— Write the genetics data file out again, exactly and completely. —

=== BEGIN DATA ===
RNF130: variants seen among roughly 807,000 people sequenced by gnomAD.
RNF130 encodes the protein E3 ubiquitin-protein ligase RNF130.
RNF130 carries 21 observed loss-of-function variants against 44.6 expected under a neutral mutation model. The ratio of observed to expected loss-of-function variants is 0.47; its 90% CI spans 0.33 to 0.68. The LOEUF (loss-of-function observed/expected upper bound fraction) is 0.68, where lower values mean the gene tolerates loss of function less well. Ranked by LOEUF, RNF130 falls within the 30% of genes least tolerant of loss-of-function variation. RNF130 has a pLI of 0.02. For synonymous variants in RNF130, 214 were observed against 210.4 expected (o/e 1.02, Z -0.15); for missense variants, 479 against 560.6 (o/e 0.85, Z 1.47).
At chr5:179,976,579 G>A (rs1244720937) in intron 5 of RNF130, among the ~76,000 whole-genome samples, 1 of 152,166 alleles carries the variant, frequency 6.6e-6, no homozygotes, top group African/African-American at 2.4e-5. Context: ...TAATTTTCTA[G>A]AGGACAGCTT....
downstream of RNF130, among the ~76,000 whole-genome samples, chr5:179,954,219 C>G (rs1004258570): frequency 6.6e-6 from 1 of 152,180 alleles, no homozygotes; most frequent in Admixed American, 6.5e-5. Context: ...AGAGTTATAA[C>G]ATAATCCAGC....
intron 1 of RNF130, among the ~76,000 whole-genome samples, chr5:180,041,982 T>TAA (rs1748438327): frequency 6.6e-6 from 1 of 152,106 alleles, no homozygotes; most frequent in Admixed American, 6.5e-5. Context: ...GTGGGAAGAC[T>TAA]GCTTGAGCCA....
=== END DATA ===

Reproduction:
RNF130: variants seen among roughly 807,000 people sequenced by gnomAD.
RNF130 encodes the protein E3 ubiquitin-protein ligase RNF130.
RNF130 carries 21 observed loss-of-function variants against 44.6 expected under a neutral mutation model. The ratio of observed to expected loss-of-function variants is 0.47; its 90% CI spans 0.33 to 0.68. The LOEUF (loss-of-function observed/expected upper bound fraction) is 0.68, where lower values mean the gene tolerates loss of function less well. Ranked by LOEUF, RNF130 falls within the 30% of genes least tolerant of loss-of-function variation. RNF130 has a pLI of 0.02. For synonymous variants in RNF130, 214 were observed against 210.4 expected (o/e 1.02, Z -0.15); for missense variants, 479 against 560.6 (o/e 0.85, Z 1.47).
At chr5:179,976,579 G>A (rs1244720937) in intron 5 of RNF130, among the ~76,000 whole-genome samples, 1 of 152,166 alleles carries the variant, frequency 6.6e-6, no homozygotes, top group African/African-American at 2.4e-5. Context: ...TAATTTTCTA[G>A]AGGACAGCTT....
downstream of RNF130, among the ~76,000 whole-genome samples, chr5:179,954,219 C>G (rs1004258570): frequency 6.6e-6 from 1 of 152,180 alleles, no homozygotes; most frequent in Admixed American, 6.5e-5. Context: ...AGAGTTATAA[C>G]ATAATCCAGC....
intron 1 of RNF130, among the ~76,000 whole-genome samples, chr5:180,041,982 T>TAA (rs1748438327): frequency 6.6e-6 from 1 of 152,106 alleles, no homozygotes; most frequent in Admixed American, 6.5e-5. Context: ...GTGGGAAGAC[T>TAA]GCTTGAGCCA....